Social Contract Relating To Civil Wrongs And Quasi-Contract
So, it’s the ballot or the bullet. Today, our people can see that we’re faced with a government conspiracy. This government has failed us.
The social contract theory
In moral and political philosophy, the social contract is a theory or model usually concerns the legitimacy of the authority of the state over the individual. The heyday of the social contract was the mid-17th to early 19th centuries, when it emerged as the leading doctrine of political legitimacy.
Social contract arguments typically posit that individuals have consented, either explicitly or tacitly, to surrender some of their freedoms and submit to the authority (of the ruler, or to the decision of a majority) in exchange for protection of their remaining rights or maintenance of the social order.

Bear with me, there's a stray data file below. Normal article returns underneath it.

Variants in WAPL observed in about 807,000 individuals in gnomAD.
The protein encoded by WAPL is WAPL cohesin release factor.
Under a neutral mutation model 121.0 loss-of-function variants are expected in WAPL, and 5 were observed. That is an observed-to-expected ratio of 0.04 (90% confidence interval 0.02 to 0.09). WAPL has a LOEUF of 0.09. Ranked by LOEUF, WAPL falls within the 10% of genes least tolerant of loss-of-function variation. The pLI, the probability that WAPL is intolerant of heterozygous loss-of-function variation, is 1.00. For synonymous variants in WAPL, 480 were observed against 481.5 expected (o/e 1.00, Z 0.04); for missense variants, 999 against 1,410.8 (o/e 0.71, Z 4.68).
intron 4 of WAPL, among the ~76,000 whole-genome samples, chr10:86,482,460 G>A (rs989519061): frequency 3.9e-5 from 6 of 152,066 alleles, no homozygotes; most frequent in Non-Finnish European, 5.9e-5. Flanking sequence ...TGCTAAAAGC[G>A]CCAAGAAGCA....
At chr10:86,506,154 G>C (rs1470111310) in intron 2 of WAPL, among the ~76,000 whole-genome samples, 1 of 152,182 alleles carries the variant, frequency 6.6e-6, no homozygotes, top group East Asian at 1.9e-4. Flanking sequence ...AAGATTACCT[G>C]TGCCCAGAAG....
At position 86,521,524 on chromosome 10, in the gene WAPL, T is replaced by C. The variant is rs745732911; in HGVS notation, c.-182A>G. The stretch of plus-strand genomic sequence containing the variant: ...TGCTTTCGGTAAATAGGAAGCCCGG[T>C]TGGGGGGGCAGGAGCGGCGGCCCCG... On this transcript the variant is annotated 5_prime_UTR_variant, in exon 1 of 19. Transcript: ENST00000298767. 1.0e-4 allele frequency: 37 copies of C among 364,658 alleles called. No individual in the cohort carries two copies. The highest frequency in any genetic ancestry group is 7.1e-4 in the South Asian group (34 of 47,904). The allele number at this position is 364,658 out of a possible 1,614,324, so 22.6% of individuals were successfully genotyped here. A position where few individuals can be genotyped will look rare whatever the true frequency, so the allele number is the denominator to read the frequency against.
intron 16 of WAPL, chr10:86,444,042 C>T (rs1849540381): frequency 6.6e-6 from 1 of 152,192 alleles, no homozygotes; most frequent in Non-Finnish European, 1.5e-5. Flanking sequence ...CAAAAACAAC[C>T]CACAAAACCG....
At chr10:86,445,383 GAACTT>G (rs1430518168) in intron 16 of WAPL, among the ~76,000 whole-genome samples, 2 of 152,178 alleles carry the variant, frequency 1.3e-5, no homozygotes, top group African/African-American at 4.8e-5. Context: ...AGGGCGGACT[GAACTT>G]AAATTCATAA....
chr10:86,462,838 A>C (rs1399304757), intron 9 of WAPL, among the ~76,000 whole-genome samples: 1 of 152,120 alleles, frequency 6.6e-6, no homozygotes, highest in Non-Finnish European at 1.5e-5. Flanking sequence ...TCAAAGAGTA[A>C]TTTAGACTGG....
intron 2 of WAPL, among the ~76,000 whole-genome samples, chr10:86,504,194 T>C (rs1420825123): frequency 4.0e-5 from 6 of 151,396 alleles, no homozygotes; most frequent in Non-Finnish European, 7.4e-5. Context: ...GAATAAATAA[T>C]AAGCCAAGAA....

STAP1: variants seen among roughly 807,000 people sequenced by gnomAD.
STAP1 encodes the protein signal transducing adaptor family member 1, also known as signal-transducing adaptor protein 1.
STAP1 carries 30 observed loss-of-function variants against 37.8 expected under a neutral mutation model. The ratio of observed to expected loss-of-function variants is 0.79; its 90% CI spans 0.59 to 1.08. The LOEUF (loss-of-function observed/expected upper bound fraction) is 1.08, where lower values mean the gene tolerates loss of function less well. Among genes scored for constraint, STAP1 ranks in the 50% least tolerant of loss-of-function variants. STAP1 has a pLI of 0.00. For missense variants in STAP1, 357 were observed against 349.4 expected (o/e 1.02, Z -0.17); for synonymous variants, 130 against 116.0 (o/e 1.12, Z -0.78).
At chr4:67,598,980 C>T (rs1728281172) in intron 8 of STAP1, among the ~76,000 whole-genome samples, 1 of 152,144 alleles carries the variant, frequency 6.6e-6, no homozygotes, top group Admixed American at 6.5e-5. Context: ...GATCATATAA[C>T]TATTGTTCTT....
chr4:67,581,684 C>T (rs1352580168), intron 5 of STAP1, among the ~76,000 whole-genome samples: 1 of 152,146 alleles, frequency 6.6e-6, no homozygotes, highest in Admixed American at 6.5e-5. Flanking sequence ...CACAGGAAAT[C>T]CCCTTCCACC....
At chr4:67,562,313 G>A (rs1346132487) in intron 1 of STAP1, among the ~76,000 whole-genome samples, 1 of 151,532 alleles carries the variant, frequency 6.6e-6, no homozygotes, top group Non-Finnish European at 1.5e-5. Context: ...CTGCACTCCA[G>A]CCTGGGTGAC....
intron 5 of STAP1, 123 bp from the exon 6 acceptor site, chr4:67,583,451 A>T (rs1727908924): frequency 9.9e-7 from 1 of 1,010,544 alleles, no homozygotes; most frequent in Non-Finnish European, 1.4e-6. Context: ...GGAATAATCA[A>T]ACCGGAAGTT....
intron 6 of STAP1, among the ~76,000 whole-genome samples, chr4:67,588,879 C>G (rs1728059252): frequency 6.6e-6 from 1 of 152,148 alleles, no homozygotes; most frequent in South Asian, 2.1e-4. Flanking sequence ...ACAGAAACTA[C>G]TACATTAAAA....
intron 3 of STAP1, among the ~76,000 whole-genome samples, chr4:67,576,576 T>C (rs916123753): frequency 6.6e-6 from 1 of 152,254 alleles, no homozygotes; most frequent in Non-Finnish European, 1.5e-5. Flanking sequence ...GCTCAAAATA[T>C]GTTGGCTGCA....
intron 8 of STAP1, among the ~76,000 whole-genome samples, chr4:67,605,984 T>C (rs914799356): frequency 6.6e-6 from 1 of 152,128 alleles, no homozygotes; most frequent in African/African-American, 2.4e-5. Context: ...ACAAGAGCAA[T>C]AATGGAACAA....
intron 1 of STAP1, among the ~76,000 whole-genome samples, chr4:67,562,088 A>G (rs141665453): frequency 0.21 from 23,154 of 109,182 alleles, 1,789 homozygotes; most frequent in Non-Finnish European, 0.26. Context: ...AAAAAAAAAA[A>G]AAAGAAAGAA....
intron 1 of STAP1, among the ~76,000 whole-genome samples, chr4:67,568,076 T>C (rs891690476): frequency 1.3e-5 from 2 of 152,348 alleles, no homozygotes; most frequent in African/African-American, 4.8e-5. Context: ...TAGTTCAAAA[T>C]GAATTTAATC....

The concept of a quasi-contract is that of a contract that should have been formed, even though in actuality it was not. It is used when a court finds it appropriate to create an obligation upon a non-contracting party to avoid injustice and to ensure fairness.
The relation between natural and legal rights is often a topic of social contract theory. The term takes its name from The Social Contract (French: Du contrat social ou Principes du droit politique), a 1762 book by Jean-Jacques Rousseau that discussed this concept. Although the antecedents of social contract theory are found in antiquity, in Greek and Stoic philosophy and Roman and Canon Law, the heyday of the social contract was the mid-17th to early 19th centuries, when it emerged as the leading doctrine of political legitimacy.